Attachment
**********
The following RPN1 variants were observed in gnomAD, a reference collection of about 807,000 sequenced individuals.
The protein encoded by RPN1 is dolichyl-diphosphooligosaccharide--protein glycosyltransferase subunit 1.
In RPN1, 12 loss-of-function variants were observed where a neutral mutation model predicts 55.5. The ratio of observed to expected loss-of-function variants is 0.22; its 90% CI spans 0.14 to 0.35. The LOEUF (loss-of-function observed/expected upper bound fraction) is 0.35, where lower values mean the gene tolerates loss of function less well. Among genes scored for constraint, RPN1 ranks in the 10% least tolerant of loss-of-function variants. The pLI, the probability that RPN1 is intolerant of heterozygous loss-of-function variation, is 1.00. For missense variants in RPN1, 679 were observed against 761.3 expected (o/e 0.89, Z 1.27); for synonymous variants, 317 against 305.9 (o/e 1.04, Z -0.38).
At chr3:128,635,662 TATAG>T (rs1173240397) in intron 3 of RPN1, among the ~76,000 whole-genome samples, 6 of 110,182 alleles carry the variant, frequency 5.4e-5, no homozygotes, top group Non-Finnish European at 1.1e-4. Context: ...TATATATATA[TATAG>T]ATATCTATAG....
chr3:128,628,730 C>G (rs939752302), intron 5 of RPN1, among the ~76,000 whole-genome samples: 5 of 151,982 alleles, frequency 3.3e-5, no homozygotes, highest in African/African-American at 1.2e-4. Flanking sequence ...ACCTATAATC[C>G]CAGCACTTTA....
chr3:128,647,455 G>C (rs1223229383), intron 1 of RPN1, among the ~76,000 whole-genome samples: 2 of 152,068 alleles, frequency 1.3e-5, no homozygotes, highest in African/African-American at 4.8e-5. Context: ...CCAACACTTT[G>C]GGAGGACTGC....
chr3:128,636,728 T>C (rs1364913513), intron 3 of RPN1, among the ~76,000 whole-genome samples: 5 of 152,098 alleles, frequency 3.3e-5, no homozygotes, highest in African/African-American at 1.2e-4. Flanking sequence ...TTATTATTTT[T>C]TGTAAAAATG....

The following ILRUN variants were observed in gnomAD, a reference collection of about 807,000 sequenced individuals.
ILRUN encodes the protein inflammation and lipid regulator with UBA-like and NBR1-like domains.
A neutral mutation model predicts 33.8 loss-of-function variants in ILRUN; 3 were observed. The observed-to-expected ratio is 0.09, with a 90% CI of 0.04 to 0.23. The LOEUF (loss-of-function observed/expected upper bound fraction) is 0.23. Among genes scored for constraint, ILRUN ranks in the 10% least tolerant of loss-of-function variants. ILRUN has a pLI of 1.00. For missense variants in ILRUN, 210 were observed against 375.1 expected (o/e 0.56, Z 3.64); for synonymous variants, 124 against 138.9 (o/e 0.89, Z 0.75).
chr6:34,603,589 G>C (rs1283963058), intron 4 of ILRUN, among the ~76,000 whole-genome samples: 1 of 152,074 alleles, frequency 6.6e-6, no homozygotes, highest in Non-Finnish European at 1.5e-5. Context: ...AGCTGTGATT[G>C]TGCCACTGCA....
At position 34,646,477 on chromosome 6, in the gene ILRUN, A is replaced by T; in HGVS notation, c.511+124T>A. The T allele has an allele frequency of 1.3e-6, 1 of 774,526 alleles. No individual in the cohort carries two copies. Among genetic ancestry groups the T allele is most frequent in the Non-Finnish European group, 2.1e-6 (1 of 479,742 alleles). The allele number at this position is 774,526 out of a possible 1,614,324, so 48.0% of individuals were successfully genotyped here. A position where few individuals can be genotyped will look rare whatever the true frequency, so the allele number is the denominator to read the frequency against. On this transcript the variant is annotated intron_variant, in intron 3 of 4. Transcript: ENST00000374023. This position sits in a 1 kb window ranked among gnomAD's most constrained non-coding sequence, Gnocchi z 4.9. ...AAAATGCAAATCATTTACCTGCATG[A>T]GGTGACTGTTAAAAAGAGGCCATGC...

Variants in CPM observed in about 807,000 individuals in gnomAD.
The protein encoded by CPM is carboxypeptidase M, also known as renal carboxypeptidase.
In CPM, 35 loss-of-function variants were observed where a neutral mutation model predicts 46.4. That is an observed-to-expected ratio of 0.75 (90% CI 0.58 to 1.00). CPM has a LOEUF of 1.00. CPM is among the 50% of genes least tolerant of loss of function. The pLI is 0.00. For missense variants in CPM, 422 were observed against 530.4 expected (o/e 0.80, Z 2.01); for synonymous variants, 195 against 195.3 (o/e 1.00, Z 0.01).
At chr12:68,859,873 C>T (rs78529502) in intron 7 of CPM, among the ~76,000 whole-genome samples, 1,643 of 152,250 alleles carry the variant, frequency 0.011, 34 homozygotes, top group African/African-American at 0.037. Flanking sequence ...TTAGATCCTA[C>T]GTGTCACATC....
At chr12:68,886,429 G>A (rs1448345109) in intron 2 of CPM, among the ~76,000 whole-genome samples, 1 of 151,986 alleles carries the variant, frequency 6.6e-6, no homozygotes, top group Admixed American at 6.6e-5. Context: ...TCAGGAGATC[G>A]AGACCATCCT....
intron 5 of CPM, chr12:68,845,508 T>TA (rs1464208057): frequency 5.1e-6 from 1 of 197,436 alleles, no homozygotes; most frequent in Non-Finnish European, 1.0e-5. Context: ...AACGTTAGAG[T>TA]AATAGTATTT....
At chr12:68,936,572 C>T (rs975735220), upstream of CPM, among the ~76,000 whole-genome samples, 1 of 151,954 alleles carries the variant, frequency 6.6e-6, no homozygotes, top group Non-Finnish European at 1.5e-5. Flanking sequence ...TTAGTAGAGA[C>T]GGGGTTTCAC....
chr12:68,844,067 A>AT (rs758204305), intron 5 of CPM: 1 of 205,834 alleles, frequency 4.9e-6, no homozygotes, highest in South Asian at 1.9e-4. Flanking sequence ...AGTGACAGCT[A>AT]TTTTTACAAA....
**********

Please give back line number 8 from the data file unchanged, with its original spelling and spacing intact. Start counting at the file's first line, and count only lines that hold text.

The following ILRUN variants were observed in gnomAD, a reference collection of about 807,000 sequenced individuals.